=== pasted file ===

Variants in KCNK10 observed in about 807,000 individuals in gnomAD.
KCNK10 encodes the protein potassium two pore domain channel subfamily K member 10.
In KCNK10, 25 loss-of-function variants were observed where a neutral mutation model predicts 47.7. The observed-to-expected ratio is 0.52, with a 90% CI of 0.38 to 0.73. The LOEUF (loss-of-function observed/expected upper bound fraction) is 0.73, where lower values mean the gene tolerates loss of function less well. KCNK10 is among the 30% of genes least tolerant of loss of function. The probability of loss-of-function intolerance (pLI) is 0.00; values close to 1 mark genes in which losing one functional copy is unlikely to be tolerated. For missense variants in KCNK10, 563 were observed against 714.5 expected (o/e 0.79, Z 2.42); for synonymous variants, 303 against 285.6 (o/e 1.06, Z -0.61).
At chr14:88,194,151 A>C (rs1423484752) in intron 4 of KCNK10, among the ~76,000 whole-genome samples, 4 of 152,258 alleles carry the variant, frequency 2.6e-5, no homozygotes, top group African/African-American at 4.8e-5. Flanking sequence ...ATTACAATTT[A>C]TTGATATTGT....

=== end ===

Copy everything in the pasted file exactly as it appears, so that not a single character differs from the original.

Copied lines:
Variants in KCNK10 observed in about 807,000 individuals in gnomAD.
KCNK10 encodes the protein potassium two pore domain channel subfamily K member 10.
In KCNK10, 25 loss-of-function variants were observed where a neutral mutation model predicts 47.7. The observed-to-expected ratio is 0.52, with a 90% CI of 0.38 to 0.73. The LOEUF (loss-of-function observed/expected upper bound fraction) is 0.73, where lower values mean the gene tolerates loss of function less well. KCNK10 is among the 30% of genes least tolerant of loss of function. The probability of loss-of-function intolerance (pLI) is 0.00; values close to 1 mark genes in which losing one functional copy is unlikely to be tolerated. For missense variants in KCNK10, 563 were observed against 714.5 expected (o/e 0.79, Z 2.42); for synonymous variants, 303 against 285.6 (o/e 1.06, Z -0.61).
At chr14:88,194,151 A>C (rs1423484752) in intron 4 of KCNK10, among the ~76,000 whole-genome samples, 4 of 152,258 alleles carry the variant, frequency 2.6e-5, no homozygotes, top group African/African-American at 4.8e-5. Flanking sequence ...ATTACAATTT[A>C]TTGATATTGT....